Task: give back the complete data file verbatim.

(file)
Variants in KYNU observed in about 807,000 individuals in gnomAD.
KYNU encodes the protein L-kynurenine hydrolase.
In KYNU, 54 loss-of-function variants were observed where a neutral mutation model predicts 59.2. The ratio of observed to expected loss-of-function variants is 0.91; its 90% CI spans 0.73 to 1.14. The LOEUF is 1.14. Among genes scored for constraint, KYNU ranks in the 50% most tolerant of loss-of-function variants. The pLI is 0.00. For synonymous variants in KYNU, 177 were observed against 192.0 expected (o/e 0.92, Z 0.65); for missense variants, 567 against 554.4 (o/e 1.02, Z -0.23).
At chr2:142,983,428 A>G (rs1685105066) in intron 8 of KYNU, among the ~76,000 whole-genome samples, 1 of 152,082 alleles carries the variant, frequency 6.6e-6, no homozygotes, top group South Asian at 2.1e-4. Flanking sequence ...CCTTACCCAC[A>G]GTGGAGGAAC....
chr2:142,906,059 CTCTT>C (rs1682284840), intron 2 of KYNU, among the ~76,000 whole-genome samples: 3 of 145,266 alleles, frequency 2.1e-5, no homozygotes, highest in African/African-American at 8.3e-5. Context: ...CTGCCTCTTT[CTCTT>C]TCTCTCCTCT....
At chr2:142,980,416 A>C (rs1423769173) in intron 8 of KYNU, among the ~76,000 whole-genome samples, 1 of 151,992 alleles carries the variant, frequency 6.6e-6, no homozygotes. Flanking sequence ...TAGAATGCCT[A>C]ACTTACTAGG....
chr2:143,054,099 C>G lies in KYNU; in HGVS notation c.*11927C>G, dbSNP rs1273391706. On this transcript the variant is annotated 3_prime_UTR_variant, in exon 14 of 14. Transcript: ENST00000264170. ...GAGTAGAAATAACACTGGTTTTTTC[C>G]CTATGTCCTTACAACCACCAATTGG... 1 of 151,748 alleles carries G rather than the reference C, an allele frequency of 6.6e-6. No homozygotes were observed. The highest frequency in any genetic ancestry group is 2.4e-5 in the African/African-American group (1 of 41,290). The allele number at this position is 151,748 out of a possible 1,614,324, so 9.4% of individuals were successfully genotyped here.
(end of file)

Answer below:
Variants in KYNU observed in about 807,000 individuals in gnomAD.
KYNU encodes the protein L-kynurenine hydrolase.
In KYNU, 54 loss-of-function variants were observed where a neutral mutation model predicts 59.2. The ratio of observed to expected loss-of-function variants is 0.91; its 90% CI spans 0.73 to 1.14. The LOEUF is 1.14. Among genes scored for constraint, KYNU ranks in the 50% most tolerant of loss-of-function variants. The pLI is 0.00. For synonymous variants in KYNU, 177 were observed against 192.0 expected (o/e 0.92, Z 0.65); for missense variants, 567 against 554.4 (o/e 1.02, Z -0.23).
At chr2:142,983,428 A>G (rs1685105066) in intron 8 of KYNU, among the ~76,000 whole-genome samples, 1 of 152,082 alleles carries the variant, frequency 6.6e-6, no homozygotes, top group South Asian at 2.1e-4. Flanking sequence ...CCTTACCCAC[A>G]GTGGAGGAAC....
chr2:142,906,059 CTCTT>C (rs1682284840), intron 2 of KYNU, among the ~76,000 whole-genome samples: 3 of 145,266 alleles, frequency 2.1e-5, no homozygotes, highest in African/African-American at 8.3e-5. Context: ...CTGCCTCTTT[CTCTT>C]TCTCTCCTCT....
At chr2:142,980,416 A>C (rs1423769173) in intron 8 of KYNU, among the ~76,000 whole-genome samples, 1 of 151,992 alleles carries the variant, frequency 6.6e-6, no homozygotes. Flanking sequence ...TAGAATGCCT[A>C]ACTTACTAGG....
chr2:143,054,099 C>G lies in KYNU; in HGVS notation c.*11927C>G, dbSNP rs1273391706. On this transcript the variant is annotated 3_prime_UTR_variant, in exon 14 of 14. Transcript: ENST00000264170. ...GAGTAGAAATAACACTGGTTTTTTC[C>G]CTATGTCCTTACAACCACCAATTGG... 1 of 151,748 alleles carries G rather than the reference C, an allele frequency of 6.6e-6. No homozygotes were observed. The highest frequency in any genetic ancestry group is 2.4e-5 in the African/African-American group (1 of 41,290). The allele number at this position is 151,748 out of a possible 1,614,324, so 9.4% of individuals were successfully genotyped here.